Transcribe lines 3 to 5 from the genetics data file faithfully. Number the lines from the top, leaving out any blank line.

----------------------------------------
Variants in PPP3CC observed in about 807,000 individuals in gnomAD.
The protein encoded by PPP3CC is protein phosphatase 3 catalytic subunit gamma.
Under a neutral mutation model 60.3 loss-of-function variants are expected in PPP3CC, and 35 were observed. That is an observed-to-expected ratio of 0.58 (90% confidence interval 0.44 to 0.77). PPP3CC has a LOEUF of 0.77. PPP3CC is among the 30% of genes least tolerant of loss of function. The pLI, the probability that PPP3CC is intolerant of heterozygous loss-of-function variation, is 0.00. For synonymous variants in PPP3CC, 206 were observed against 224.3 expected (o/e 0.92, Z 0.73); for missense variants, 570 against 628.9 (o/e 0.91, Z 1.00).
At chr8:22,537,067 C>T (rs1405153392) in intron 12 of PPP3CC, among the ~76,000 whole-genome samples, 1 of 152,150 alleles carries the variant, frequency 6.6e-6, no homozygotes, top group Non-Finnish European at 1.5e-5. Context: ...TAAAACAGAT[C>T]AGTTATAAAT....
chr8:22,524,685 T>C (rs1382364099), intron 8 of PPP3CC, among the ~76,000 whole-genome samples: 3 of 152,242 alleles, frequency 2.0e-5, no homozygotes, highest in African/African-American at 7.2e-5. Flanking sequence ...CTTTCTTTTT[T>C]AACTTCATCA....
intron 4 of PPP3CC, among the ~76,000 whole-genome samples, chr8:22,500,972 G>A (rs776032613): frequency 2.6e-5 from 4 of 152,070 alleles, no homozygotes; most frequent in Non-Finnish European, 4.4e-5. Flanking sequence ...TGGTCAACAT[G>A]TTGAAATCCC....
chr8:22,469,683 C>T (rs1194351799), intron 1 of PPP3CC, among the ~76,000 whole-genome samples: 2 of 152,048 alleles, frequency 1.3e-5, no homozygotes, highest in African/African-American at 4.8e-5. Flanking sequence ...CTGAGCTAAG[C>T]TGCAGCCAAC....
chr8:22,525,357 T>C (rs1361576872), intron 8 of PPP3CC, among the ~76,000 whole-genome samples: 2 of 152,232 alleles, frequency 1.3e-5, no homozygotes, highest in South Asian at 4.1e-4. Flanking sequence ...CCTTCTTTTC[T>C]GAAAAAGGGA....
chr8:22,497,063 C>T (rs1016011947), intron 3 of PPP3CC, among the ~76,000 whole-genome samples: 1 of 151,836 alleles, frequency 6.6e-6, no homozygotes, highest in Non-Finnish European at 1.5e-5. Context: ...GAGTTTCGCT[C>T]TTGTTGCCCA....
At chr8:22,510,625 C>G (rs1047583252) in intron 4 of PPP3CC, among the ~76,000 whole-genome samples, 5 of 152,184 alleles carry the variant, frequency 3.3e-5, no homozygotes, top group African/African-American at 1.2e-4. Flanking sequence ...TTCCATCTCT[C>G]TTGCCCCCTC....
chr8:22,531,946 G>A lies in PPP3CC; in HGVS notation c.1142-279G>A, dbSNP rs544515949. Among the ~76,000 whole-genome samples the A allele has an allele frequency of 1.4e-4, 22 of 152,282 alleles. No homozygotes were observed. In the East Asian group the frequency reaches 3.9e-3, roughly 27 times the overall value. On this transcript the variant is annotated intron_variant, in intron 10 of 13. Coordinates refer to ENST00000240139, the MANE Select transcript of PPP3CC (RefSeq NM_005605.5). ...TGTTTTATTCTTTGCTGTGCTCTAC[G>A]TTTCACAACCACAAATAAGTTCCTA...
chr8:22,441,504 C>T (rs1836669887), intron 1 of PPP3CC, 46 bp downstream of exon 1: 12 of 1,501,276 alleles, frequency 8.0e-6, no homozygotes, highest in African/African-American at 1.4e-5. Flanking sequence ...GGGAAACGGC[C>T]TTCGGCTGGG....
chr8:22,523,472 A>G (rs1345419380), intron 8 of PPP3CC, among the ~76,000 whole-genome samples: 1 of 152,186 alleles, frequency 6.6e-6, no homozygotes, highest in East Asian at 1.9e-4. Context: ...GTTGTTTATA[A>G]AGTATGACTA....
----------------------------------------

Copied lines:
Under a neutral mutation model 60.3 loss-of-function variants are expected in PPP3CC, and 35 were observed. That is an observed-to-expected ratio of 0.58 (90% confidence interval 0.44 to 0.77). PPP3CC has a LOEUF of 0.77. PPP3CC is among the 30% of genes least tolerant of loss of function. The pLI, the probability that PPP3CC is intolerant of heterozygous loss-of-function variation, is 0.00. For synonymous variants in PPP3CC, 206 were observed against 224.3 expected (o/e 0.92, Z 0.73); for missense variants, 570 against 628.9 (o/e 0.91, Z 1.00).
At chr8:22,537,067 C>T (rs1405153392) in intron 12 of PPP3CC, among the ~76,000 whole-genome samples, 1 of 152,150 alleles carries the variant, frequency 6.6e-6, no homozygotes, top group Non-Finnish European at 1.5e-5. Context: ...TAAAACAGAT[C>T]AGTTATAAAT....
chr8:22,524,685 T>C (rs1382364099), intron 8 of PPP3CC, among the ~76,000 whole-genome samples: 3 of 152,242 alleles, frequency 2.0e-5, no homozygotes, highest in African/African-American at 7.2e-5. Flanking sequence ...CTTTCTTTTT[T>C]AACTTCATCA....